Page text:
The question then is ‘How do you keep it alive?’ First off it takes time, a lot of it. As the owner or manager of the brand it’s your responsibility to maintain that website. No one else cares for your brand the way you do. Why leave it up to someone else and hope its done right. That is not to say you need to do everything yourself for many brands or companies have entire departments setup for marketing and brand awareness. You ‘the brand’ will need to be inspiring and reach your potential customers to ensure success.
Do you need to be constantly changing the information on the website? If you have an article once it is published live it doesn’t need to be changed. The products or services only really need to change or be updated only if they change. So what needs to change? Let’s pretend you own a travel agency. The need to change the actual tour package is only if it changes or if you decide to run a discount on it. Why not host a section on the index (home) page for specials or discounts. That would need to be changed according to the discount running. Maybe you have added an adventure to the adventure tours package. Why not have a section on the index page showing that extra adventure – a feature section. Let’s say you just finished a mobile app for your brand, why not feature it on your index page. The index page is the one page that should be changing. Would you visit a website that always looks the same?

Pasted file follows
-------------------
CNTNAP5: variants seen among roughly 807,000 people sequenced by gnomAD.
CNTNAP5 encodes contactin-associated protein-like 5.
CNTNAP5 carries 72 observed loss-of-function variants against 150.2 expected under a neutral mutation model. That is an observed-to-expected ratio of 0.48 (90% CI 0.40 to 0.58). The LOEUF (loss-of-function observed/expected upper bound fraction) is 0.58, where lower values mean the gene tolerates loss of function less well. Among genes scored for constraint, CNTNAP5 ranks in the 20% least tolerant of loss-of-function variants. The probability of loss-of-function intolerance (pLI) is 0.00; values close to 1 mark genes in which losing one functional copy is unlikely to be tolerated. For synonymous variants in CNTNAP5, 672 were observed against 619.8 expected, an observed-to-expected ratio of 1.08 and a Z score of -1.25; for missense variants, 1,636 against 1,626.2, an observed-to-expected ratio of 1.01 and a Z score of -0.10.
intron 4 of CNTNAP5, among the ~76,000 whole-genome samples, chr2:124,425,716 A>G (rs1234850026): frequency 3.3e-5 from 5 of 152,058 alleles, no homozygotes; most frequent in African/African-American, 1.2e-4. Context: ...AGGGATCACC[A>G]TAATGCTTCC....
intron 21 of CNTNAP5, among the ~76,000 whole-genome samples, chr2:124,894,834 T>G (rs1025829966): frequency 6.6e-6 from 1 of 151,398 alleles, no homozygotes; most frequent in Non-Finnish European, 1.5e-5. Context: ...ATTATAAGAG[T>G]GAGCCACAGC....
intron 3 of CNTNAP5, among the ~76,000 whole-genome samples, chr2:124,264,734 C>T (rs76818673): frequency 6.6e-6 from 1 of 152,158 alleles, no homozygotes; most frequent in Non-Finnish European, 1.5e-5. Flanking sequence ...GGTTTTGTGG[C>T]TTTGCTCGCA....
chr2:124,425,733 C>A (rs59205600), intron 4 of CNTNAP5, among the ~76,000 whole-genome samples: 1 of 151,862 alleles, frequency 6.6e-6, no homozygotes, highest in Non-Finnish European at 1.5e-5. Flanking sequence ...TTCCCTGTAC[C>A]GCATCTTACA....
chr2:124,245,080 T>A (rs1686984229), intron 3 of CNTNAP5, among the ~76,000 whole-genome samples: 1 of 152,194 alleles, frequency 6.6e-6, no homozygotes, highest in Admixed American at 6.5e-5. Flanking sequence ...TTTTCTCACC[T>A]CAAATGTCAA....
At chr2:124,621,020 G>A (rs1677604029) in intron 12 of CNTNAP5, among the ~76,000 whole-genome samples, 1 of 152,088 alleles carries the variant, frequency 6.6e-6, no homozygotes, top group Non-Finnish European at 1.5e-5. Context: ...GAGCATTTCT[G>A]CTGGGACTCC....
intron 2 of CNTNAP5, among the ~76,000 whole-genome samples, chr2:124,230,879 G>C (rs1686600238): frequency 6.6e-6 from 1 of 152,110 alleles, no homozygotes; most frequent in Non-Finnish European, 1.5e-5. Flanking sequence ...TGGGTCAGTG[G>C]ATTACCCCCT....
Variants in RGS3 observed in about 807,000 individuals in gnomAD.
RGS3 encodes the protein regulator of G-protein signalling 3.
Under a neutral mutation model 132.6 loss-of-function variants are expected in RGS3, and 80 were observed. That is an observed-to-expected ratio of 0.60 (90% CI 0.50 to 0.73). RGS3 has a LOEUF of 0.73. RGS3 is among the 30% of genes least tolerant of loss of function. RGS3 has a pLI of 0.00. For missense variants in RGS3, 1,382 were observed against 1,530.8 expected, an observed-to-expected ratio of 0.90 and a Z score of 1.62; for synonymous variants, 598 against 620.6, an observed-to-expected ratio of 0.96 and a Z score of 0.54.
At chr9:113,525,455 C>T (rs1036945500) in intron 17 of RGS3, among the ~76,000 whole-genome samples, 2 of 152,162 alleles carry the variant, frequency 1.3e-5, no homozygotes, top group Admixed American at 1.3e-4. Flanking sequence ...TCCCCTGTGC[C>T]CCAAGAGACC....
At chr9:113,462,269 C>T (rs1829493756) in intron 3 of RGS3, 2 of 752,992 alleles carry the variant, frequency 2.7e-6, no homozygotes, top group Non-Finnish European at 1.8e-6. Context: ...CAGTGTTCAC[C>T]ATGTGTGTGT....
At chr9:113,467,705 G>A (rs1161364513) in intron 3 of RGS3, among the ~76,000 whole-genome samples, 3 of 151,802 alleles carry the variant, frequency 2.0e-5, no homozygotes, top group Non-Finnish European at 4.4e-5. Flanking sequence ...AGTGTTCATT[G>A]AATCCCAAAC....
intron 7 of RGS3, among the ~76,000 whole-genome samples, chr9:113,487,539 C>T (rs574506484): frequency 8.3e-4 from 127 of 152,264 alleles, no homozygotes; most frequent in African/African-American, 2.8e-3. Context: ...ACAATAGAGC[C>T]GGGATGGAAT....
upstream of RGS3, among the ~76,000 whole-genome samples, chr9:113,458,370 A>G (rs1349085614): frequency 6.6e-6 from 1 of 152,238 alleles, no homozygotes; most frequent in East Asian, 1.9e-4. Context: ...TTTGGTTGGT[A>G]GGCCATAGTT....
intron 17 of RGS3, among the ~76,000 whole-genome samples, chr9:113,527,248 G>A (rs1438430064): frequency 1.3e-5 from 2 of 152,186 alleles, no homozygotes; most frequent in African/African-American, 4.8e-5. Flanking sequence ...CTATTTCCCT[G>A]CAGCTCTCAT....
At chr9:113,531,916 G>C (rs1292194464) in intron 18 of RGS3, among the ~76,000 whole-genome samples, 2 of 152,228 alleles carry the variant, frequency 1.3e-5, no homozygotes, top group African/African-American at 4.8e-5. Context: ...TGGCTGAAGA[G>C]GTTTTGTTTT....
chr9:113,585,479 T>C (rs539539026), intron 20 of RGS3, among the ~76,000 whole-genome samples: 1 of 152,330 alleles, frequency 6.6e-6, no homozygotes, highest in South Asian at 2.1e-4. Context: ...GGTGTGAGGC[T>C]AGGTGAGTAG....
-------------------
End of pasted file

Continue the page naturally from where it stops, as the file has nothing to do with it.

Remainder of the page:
A good idea, especially if you want to gain more real clients is to add a newsletter form allowing truly interested people to let you know that want you to communicate with them. Maybe a testimonial section to showcase happy clients and how they benefited from your brand. News about new products and services still to come, or events that are a must attend. Create a photo gallery showcasing the before and after or happy people enjoying your brand.